In computing, Oracle Coherence (originally Tangosol Coherence) is a Java-based distributed cache and in-memory data grid, intended for systems that require high availability, high scalability and low latency, particularly in cases that traditional relational database management systems provide insufficient throughput, or insufficient performance.
Tangosol Coherence was created by Cameron Purdy and Gene Gleyzer, and initially released in December, 2001.
Oracle Corporation acquired Tangosol Inc., the original owner of the product, in April 2007, at which point it had more than 100 direct customers. Tangosol Coherence was also embedded in a number of other companies' software products, some of which belonged to Oracle Corporations's competitors.
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Coherence provides several core services:
- The Tangosol Cluster Management Protocol (TCMP) provides both reliable messaging and cluster membership services. Originally built using a combination of UDP multicast and unicast, more recent versions of Coherence introduced non-blocking TCP/IP support.
- Replicated and partitioned data management and caching services - At its core Oracle Coherence is a highly scalable and fault-tolerant distributed cache engine. Coherence uses a specialized scalable protocol and many inexpensive computers to create a cluster which can be seamlessly expanded to add more memory, processing power or both. As a result, Coherence has no single point of failure and transparently fails over if a cluster member fails. When a Coherence server is added or removed the cluster automatically re-balances to share the workload. As a result, Coherence provides a highly available and predictably horizontally scalable infrastructure for managing application data.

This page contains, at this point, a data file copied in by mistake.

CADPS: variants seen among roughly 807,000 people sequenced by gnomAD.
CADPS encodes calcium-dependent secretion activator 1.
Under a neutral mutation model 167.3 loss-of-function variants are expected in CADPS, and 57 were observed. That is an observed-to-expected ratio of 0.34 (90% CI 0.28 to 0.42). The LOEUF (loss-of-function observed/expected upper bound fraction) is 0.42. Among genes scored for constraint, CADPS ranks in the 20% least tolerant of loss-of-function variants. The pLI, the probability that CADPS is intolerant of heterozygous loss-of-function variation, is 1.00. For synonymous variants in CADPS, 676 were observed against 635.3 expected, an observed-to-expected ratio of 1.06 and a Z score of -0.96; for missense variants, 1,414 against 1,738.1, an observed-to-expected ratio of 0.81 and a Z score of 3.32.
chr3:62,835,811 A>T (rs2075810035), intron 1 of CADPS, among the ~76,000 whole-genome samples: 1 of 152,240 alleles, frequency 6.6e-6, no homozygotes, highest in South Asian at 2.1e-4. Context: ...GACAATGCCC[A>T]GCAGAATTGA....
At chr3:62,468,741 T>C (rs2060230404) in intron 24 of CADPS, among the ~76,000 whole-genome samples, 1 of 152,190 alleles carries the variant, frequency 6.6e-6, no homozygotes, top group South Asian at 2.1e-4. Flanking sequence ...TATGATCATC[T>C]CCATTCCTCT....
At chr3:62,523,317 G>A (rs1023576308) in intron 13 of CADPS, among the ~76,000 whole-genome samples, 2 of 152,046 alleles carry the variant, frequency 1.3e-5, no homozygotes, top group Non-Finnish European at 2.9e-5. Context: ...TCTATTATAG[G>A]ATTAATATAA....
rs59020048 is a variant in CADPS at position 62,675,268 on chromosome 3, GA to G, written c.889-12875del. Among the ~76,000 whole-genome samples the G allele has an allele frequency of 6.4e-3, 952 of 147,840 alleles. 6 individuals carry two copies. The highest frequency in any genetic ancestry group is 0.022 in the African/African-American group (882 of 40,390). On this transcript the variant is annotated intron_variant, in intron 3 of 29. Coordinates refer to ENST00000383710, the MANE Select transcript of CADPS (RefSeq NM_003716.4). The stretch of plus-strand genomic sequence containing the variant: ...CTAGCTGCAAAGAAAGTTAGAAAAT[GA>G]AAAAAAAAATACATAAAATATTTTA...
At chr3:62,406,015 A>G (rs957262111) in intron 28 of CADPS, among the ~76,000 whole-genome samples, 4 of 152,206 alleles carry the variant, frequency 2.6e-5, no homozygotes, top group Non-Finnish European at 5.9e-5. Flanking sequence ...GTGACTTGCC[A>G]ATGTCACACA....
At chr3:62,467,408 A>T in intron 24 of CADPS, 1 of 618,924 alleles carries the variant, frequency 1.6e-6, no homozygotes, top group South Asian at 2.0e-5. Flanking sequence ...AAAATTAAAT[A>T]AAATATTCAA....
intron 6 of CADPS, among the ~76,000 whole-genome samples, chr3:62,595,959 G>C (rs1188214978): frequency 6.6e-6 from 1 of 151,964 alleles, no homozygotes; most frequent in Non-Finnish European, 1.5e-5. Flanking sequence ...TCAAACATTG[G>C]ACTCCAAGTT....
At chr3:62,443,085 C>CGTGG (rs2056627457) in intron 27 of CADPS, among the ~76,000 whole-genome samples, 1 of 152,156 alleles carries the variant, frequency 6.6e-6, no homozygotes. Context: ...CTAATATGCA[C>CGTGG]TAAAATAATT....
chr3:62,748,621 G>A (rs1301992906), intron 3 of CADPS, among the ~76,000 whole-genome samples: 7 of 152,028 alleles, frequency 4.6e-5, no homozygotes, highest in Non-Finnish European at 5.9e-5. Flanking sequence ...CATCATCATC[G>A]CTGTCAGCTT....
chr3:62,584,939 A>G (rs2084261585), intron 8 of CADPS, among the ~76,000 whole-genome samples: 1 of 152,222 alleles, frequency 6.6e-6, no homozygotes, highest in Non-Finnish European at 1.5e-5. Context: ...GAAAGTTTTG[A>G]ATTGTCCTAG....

- Replicated data processing engine - In addition to caching Coherence provides a rich data processing model so processing can be farmed out to where the data is, and results returned to the client. By moving the processing to the data, processing too is highly scalable. This is to some extent similar to a MapReduce framework, but lacks the option of parallel reductions.
- Event model allowing developers to interact with data as it changes.
- Support for clients written in Java, C++, .NET as well as other languages using Representational State Transfer (REST).
In addition Coherence provides a variety of mechanisms to integrate with other services using TopLink, Java Persistence API, Oracle Golden Gate  or almost any other platform using Coherence provided APIs.
Coherence can be used to manage HTTP sessions via Coherence*Web. With Coherence*Web, application services such as Oracle WebLogic Server, IBM WebSphere, Apache Tomcat and others can reap the same benefits of performance, fault tolerance, and scalability as data.
Some Coherence usage patterns are open source and are listed and supported through the Oracle Coherence incubator. These patterns implement features such as messaging, work distribution and data replication across wide area networks with Coherence.
- Complex event processing
- Distributed computing
- Distributed hash table
- Distributed transaction processing
- Extreme Transaction Processing
- Grid computing
- Transaction processing
- "Tangosol, Inc". web.archive.org. 2002-02-08. Retrieved 2019-04-02.
- "Oracle and Tangosol Acquisition Announcement" (PDF). Oracle.com. 2007-03-23. Retrieved 2014-10-18.
- Oracle to Acquire a Lead in Extreme Transaction Processing
- Oracle Coherence Product Page
- Oracle Coherence and MapReduce
- "Oracle GoldenGate". Oracle.com. 2012-10-24. Retrieved 2012-11-07.
- "Coherence*Web Session Management Module - Coherence 3.4 User Guide - Oracle Coherence Knowledge Base". Coherence.oracle.com. 2009-04-13. Retrieved 2012-11-07.
- The Coherence Incubator